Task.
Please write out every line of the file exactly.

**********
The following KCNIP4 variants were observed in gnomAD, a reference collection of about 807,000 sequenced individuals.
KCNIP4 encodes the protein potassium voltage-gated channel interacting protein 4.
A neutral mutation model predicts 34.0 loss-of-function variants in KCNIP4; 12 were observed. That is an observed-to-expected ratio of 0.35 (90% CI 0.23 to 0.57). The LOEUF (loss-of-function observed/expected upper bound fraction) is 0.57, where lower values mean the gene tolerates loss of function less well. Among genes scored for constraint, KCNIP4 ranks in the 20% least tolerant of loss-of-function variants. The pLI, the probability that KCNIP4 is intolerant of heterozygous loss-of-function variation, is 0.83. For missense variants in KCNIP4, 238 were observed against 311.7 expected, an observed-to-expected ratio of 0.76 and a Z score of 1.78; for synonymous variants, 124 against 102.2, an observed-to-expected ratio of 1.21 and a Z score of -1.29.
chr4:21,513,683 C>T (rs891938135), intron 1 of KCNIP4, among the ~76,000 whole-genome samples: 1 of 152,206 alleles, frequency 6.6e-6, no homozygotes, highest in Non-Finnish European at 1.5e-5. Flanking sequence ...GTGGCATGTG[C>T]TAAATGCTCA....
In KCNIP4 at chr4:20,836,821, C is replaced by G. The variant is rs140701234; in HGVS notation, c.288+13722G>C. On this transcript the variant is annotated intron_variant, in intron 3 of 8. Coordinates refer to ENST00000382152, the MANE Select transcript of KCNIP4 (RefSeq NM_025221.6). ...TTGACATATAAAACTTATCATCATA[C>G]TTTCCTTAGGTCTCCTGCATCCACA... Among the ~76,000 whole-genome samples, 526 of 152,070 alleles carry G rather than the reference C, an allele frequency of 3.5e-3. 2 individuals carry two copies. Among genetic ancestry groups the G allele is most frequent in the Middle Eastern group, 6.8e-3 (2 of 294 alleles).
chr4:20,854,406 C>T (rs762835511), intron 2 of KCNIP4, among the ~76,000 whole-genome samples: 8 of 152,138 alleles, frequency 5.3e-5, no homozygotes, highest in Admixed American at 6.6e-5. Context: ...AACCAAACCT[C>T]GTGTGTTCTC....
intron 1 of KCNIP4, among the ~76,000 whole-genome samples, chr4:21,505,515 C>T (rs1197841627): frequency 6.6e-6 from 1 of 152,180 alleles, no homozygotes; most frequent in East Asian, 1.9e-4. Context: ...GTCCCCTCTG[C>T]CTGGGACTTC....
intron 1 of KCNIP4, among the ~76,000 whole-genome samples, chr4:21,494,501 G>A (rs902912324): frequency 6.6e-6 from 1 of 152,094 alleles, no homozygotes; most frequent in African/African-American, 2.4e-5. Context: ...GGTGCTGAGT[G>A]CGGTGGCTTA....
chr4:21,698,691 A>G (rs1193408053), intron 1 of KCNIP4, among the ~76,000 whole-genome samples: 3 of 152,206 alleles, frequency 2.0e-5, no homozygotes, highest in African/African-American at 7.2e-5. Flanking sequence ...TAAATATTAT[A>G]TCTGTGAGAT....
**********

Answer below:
The following KCNIP4 variants were observed in gnomAD, a reference collection of about 807,000 sequenced individuals.
KCNIP4 encodes the protein potassium voltage-gated channel interacting protein 4.
A neutral mutation model predicts 34.0 loss-of-function variants in KCNIP4; 12 were observed. That is an observed-to-expected ratio of 0.35 (90% CI 0.23 to 0.57). The LOEUF (loss-of-function observed/expected upper bound fraction) is 0.57, where lower values mean the gene tolerates loss of function less well. Among genes scored for constraint, KCNIP4 ranks in the 20% least tolerant of loss-of-function variants. The pLI, the probability that KCNIP4 is intolerant of heterozygous loss-of-function variation, is 0.83. For missense variants in KCNIP4, 238 were observed against 311.7 expected, an observed-to-expected ratio of 0.76 and a Z score of 1.78; for synonymous variants, 124 against 102.2, an observed-to-expected ratio of 1.21 and a Z score of -1.29.
chr4:21,513,683 C>T (rs891938135), intron 1 of KCNIP4, among the ~76,000 whole-genome samples: 1 of 152,206 alleles, frequency 6.6e-6, no homozygotes, highest in Non-Finnish European at 1.5e-5. Flanking sequence ...GTGGCATGTG[C>T]TAAATGCTCA....
In KCNIP4 at chr4:20,836,821, C is replaced by G. The variant is rs140701234; in HGVS notation, c.288+13722G>C. On this transcript the variant is annotated intron_variant, in intron 3 of 8. Coordinates refer to ENST00000382152, the MANE Select transcript of KCNIP4 (RefSeq NM_025221.6). ...TTGACATATAAAACTTATCATCATA[C>G]TTTCCTTAGGTCTCCTGCATCCACA... Among the ~76,000 whole-genome samples, 526 of 152,070 alleles carry G rather than the reference C, an allele frequency of 3.5e-3. 2 individuals carry two copies. Among genetic ancestry groups the G allele is most frequent in the Middle Eastern group, 6.8e-3 (2 of 294 alleles).
chr4:20,854,406 C>T (rs762835511), intron 2 of KCNIP4, among the ~76,000 whole-genome samples: 8 of 152,138 alleles, frequency 5.3e-5, no homozygotes, highest in Admixed American at 6.6e-5. Context: ...AACCAAACCT[C>T]GTGTGTTCTC....
intron 1 of KCNIP4, among the ~76,000 whole-genome samples, chr4:21,505,515 C>T (rs1197841627): frequency 6.6e-6 from 1 of 152,180 alleles, no homozygotes; most frequent in East Asian, 1.9e-4. Context: ...GTCCCCTCTG[C>T]CTGGGACTTC....
intron 1 of KCNIP4, among the ~76,000 whole-genome samples, chr4:21,494,501 G>A (rs902912324): frequency 6.6e-6 from 1 of 152,094 alleles, no homozygotes; most frequent in African/African-American, 2.4e-5. Context: ...GGTGCTGAGT[G>A]CGGTGGCTTA....
chr4:21,698,691 A>G (rs1193408053), intron 1 of KCNIP4, among the ~76,000 whole-genome samples: 3 of 152,206 alleles, frequency 2.0e-5, no homozygotes, highest in African/African-American at 7.2e-5. Flanking sequence ...TAAATATTAT[A>G]TCTGTGAGAT....